Rev. Michael Riley obituary

The Reverend Michael Riley has died. He was vicar of St Paul’s Church, Grove Park until he retired two years ago. Julia Langdon, who knew him well, has written this obituary of him.

Rev Michael Riley

By Julia Langdon

The Rev Michael Riley, who has died aged 67, was the vicar of St Paul’s, Grove Park, for 32 years until his retirement in the summer of 2022. He was the longest serving incumbent since the founding vicar of the church, the Rev Nevison Loraine, who presided over its consecration in 1872 and was himself in post until 1917.

Father Michael became a very well known familiar figure in Chiswick, not least because he had officiated at the Christian rites of passage – the hatches, matches and dispatches – of so many members of the local population. He loved his ministry in Chiswick and St Paul’s and the vicarage served frequently as the setting for countless cultural and community events, thus bringing the church into the heart of local life.

Michael was born in Surrey, the second of four children of Ken and Shirley Riley. The family moved often during his childhood as his father served in the Royal Navy as a member of the Fleet Air Arm and subsequently became a commercial pilot.

It was during the Rileys’ second posting in Beirut, in the Lebanon in the early 1960s, that circumstances evolved which would lead seven-year-old Michael to his Christian calling. He and his older sister, Jane, were sent home to boarding school in England for two years because of unrest in the Middle East and the little boy was befriended there by the school’s vicar and his wife. He became interested in the church and it was an interest that never left him.

The family subsequently lived in Berkshire and Michael went to local schools before attending Bloxham School, Banbury, where he won a place to read Theology and Philosophy at Balliol College, Oxford.

On graduation, he taught English and Religious Education at secondary schools in the Isle of Wight before studying further at theological college in Edinburgh. His first job was as a curate at Jesmond, Newcastle, where he was ordained in 1987.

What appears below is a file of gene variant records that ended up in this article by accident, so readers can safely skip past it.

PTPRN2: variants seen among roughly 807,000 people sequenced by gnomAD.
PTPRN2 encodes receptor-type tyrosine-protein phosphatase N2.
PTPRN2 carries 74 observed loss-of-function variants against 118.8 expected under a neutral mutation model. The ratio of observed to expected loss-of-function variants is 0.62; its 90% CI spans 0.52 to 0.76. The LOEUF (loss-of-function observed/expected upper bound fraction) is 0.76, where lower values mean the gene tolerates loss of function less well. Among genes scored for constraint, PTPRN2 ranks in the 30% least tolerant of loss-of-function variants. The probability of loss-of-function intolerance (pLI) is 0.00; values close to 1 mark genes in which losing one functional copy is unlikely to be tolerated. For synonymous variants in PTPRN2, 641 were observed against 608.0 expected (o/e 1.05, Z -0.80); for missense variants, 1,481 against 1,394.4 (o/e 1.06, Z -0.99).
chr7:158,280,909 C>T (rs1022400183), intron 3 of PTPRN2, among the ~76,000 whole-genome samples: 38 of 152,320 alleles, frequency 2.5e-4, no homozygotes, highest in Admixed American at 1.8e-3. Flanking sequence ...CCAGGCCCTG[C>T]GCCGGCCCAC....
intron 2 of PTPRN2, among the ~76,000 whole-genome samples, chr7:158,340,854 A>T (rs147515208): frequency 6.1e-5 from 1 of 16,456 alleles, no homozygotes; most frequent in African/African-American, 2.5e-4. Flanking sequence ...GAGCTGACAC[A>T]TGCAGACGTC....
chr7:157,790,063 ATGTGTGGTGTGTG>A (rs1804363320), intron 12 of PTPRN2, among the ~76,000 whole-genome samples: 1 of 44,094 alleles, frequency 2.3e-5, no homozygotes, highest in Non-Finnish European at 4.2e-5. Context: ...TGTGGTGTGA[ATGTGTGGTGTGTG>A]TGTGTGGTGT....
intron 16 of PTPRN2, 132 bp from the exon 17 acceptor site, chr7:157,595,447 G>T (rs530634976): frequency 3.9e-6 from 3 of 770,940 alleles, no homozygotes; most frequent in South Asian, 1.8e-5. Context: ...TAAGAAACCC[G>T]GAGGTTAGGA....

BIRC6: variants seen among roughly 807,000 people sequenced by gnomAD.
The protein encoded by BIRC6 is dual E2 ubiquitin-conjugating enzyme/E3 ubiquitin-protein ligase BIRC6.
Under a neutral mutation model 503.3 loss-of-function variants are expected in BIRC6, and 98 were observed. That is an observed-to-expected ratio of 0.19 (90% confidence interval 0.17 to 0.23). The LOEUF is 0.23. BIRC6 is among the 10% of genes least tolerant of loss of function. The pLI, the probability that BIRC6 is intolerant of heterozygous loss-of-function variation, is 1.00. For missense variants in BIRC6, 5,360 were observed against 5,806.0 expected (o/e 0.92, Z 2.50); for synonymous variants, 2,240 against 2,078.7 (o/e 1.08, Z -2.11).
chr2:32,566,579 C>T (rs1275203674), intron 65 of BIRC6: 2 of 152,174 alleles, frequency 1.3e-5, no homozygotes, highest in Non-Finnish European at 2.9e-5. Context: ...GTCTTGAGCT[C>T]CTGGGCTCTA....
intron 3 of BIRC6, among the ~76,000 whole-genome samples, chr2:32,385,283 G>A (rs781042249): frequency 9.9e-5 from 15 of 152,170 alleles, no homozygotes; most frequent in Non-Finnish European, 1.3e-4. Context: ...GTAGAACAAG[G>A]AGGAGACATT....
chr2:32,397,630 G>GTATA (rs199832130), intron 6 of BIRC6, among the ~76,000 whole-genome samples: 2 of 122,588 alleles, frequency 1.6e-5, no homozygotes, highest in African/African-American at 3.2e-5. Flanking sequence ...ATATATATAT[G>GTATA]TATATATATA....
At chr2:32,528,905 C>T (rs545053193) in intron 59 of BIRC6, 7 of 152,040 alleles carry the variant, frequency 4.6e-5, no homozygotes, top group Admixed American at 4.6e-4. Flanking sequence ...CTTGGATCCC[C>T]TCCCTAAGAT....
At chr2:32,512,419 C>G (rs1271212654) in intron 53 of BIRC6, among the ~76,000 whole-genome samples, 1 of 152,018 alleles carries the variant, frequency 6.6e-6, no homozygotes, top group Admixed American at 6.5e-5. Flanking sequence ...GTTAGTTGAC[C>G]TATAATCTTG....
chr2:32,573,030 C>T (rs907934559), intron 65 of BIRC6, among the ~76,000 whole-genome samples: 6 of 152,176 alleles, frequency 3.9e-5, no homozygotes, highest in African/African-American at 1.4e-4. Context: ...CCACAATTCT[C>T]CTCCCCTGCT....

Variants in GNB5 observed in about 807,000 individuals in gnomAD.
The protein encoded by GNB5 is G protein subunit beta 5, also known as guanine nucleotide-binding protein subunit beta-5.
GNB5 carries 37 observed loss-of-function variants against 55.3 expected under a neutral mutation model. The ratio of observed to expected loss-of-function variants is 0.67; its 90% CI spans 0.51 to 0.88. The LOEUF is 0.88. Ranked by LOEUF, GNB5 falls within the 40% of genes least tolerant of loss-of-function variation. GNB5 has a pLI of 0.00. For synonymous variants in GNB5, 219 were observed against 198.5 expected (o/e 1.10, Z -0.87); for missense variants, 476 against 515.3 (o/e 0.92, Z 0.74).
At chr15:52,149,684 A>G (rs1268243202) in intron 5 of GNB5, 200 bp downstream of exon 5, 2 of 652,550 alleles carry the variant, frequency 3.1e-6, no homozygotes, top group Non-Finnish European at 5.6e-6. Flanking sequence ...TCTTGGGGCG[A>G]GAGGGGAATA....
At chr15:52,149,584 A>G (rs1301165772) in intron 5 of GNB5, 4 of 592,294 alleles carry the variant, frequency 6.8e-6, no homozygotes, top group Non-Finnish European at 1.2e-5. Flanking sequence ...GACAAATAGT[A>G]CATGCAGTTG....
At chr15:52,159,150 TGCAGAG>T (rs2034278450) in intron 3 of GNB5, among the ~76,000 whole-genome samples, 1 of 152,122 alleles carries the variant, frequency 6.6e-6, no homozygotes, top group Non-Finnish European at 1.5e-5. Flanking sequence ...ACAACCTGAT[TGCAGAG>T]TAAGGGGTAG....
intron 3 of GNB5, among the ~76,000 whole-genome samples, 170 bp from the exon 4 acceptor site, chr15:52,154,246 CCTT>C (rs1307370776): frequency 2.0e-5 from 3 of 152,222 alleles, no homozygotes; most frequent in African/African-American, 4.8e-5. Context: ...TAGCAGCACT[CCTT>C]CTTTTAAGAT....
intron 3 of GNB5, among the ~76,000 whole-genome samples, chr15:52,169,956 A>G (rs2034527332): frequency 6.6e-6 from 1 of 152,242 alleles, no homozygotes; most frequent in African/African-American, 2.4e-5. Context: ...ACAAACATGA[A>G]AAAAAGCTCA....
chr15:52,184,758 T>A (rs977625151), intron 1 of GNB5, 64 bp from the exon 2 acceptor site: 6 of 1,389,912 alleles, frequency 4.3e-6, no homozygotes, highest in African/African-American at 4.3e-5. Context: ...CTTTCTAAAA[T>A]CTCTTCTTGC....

In 1989 he was appointed – initially in a temporary capacity – to St Paul’s, Grove Park, where the congregation at the time had dwindled. His enthusiasm for the area and for building his ministry led to his confirmation in what would prove his long-term post.

Father Michael won friends from far and near, not least as an inveterate and curious traveller.  Many of them have paid tribute since his death at his retirement home, Bromley College, a 17th century Church of England establishment where he had happily settled on leaving Grove Park.

He leaves his sisters, Jane and Kate, his brother Chris and his much adored nieces, nephews and great nieces.

One long-term friend from St Paul’s, Audrey Jennings, paid tribute to the quality of his friendship, the pleasure they had shared in travelling together and his gift of good company. Another close church friend, Sheila White, spoke of his generosity:

“He felt it was his Christian duty to give without judgement,” she said, adding that this was true of Father Michael, whatever the circumstances.

An appreciation from afar came from Mary Therese Martinez, from Rhode Island, USA, who played two concerts at St Paul’s with her sister Madeleine Royal, raising money for the church.

“I met Fr. Michael when I was far from home visiting Chiswick for a couple of months. He embodied his Christian ideals of welcoming the stranger when he warmly introduced me to the congregation at St. Paul’s in Grove Park, even opening the doors during the week so that I could play the wonderful Petrov concert grand piano in the church.

“When I suggested that my sister, Madeleine Walker, and I would like to play a concert at St. Paul’s, he was enthusiastic and helpful, inviting the parish and neighborhood friends to attend the concert. His reserved demeanor sparkled with wit and intelligence, and his kindness will not be forgotten. “

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